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Do you wish your students had rubrics to use to evaluate their speaking, listening, group work, and writing activities in a low-stakes and fun way? Help students initiate, write about, and participate effectively in a range of collaborative discussions (one-on-one, in groups, and teacher-led) with diverse partners on middle and high school-related topics, texts, and issues, building on others’ ideas and expressing their own clearly and persuasively.

This resource is optimized for PDF and Google Workspace.

What’s Included Right Out of the Box:

  • Teacher Guide 
  • Peer Evaluation Form for Writing
    • Each sheet has a section or self-evaluation for their peers.
    • Available in both a “checkbox” version (for younger students) and a linear scale scoring version (for older students).
    • Google Form Evaluation for Writing
  • Self and Peer Speaking and Listening Forms
    • Evaluation forms for both individual students and peers.
    • Google Form Evaluation Speaking and Listening
  • Self-Evaluation Form for Group Work
    • Self-Evaluation with Linear Scale Questions 
    • Google Form Self-Evaluation for Group Work
  • BONUS: Includes link to FREE Note-taking template for students

Why Use Peer and Self Evaluations in the English Language Arts Classroom?

Students think teachers use evaluations in the classroom to make kids better writers, readers, speakers, and listeners! That’s not exactly true. Improvement comes from good instruction, practice, and repetition in the classroom! You’re doing that already. So give yourself (Teachers!) a pat on the back. What’s good about a student evaluation form is that it builds accountability and reminds students that skills are not a passive activity that “happens.” Finally, carving out space for student evaluation sets the tone for the class and establishes a metacognitive routine. It also helps teachers to collect data on student performance.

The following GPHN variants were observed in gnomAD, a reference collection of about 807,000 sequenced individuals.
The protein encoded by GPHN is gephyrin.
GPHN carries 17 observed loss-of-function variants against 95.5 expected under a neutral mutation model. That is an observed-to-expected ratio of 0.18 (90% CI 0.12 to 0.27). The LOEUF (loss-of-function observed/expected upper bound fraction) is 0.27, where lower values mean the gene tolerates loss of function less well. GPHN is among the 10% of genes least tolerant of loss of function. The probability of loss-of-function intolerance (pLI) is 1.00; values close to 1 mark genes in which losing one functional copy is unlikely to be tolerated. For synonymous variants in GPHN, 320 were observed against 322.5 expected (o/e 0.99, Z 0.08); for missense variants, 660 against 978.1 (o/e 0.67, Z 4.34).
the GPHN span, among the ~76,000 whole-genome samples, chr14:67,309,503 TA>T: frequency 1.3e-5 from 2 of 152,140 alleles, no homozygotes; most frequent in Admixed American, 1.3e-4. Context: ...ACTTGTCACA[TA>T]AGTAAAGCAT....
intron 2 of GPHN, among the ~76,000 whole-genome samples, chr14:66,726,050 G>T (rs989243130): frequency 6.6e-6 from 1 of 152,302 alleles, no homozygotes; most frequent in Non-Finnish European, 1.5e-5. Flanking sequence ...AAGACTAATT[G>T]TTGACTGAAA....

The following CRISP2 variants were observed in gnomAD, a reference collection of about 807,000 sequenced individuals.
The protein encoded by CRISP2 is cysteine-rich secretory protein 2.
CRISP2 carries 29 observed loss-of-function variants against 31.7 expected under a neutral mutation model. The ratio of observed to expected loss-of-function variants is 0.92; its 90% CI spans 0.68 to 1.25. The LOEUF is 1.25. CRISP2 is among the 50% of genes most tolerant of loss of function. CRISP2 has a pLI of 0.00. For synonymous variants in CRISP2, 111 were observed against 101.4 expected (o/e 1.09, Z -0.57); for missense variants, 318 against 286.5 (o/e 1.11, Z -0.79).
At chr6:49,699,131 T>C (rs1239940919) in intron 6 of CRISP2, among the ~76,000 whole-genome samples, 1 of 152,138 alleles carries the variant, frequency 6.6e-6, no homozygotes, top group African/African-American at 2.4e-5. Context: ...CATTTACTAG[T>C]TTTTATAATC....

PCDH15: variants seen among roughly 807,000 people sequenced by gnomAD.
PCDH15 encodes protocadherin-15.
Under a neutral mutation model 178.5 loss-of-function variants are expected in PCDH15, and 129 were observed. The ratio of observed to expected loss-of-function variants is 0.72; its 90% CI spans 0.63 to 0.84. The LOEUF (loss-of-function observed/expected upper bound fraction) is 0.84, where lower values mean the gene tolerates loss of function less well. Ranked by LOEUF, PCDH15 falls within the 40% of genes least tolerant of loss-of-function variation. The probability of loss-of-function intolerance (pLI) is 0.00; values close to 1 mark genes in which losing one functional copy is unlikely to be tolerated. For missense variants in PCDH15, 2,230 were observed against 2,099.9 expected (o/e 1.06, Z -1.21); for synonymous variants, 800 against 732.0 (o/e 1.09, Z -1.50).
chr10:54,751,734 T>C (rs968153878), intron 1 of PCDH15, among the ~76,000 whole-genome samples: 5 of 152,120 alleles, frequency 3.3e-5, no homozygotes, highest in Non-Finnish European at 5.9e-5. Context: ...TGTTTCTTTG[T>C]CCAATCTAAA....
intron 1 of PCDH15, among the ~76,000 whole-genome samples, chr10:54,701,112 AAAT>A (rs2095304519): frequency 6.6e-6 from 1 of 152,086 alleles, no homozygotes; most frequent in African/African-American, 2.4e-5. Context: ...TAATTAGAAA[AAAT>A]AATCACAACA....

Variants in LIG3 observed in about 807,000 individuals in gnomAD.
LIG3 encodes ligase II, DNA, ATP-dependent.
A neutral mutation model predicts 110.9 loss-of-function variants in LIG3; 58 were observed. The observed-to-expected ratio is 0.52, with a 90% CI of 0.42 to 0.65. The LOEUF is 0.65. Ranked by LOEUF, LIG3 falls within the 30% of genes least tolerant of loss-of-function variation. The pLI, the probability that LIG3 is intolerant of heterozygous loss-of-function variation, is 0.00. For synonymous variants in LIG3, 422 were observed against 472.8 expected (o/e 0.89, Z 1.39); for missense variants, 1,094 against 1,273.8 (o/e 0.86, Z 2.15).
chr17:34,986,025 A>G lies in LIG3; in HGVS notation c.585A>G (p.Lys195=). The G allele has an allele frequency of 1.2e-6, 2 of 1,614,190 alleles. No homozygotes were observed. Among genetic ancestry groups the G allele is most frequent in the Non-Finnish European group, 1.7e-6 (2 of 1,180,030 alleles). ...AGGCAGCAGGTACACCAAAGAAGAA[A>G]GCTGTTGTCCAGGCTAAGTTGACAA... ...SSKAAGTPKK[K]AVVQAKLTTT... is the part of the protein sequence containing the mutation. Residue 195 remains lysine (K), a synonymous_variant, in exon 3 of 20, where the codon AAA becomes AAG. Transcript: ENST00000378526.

• Students need to see these standards first modeled by you, the teacher.
  • Spend significant time drilling these routines with your students at the beginning of the school year.
  • Provide concrete steps for the student to evaluate themselves and others.
  • Give a grade in your grade book for evaluations so students know it counts toward their overall performance in your class.

Follow me on my journey at stonesoferasmus.com, where I blog about teaching, writing, arts & letters.